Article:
Some Texans speak with slurring "s" sounds, sometimes making a soft rasp or even a "sh" sound? example "Shtudent" instead of "student". Is this traditional or a new affectation?
This phenomenon is called s-backing, s-retraction, or s-palatalisation, because the speaker is moving their tongue further back in their mouth. As Ben Yagoda points out in Lingua Franca, and as noted in another EL&U Stack Exchange question, American speakers commonly employ an /sh/ sound when saying a word like "grocery." Other common shifts include using /sh/ at the start of the word (as Sean Connery does) or, specifically, using /sh/ in the combination "str-" (e.g. strength).
The phenomenon is more widespread than Texas, and has occurred at a greater rate in the last 70 or so years. Linguists Olivier Glain and Jean Monnet (2014) connect s-backing (or, as they call it, palatalisation) to post-World War II changes including the decline of Received Pronunciation in the UK and a similar democratization of accent in the US. They find an increasing level of palatalisation among Scottish and American speakers. In the specific context of Philadelphia, Duna Gylfadottir (2015) found that the /s/ sound in "str-" has turned to /sh/ more frequently over time.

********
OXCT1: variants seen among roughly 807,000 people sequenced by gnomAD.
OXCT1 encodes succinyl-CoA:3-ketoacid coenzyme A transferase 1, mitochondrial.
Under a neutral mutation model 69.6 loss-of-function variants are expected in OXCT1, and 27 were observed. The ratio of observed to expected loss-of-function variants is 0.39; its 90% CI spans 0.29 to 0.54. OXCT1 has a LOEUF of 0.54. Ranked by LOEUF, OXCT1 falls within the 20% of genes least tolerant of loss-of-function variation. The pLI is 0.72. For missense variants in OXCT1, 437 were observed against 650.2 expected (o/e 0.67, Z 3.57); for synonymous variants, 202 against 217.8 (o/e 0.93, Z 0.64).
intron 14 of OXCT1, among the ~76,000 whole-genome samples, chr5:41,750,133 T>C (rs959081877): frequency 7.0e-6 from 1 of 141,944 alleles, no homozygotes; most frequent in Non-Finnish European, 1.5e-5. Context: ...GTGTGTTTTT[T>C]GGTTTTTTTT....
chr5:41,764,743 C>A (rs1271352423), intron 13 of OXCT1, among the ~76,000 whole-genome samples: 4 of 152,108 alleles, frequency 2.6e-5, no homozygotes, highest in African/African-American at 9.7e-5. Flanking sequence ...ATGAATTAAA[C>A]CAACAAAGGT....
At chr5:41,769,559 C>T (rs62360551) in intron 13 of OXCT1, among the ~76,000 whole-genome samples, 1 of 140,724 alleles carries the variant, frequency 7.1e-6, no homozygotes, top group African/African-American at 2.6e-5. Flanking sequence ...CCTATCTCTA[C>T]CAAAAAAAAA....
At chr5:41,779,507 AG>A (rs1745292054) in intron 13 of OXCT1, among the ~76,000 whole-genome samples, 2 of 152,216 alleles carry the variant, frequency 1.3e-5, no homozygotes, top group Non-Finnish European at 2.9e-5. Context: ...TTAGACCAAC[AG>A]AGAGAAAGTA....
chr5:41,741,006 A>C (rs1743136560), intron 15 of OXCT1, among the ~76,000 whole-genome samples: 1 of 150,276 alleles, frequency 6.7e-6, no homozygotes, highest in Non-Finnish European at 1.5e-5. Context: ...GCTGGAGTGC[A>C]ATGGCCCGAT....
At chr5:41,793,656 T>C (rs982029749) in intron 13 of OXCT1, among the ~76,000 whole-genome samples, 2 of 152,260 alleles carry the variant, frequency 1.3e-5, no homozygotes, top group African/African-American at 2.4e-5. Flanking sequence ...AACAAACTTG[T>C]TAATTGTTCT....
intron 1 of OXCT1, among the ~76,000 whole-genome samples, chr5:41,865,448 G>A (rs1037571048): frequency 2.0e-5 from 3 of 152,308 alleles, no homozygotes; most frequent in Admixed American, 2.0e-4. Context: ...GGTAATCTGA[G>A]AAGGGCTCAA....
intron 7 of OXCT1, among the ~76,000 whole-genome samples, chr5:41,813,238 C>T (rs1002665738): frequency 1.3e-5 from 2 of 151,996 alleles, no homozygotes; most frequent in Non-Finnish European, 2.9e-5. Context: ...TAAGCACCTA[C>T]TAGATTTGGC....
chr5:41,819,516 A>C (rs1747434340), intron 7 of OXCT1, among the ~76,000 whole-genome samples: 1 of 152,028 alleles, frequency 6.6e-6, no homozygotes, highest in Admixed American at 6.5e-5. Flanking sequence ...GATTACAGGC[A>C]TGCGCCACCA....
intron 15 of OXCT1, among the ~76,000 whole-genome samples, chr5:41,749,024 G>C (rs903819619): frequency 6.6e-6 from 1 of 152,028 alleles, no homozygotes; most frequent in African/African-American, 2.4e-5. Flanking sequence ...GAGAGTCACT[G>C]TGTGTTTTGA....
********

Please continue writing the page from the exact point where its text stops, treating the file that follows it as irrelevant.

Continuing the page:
The research is ongoing; a 2019 paper by Jane Suart-Smith et al. find that the specific shift in "str-" words occurs in corpuses representing the American Midwest, South, and Canada, but not in the American West. In any case, so far results suggest that the phenomenon is broader than Texas.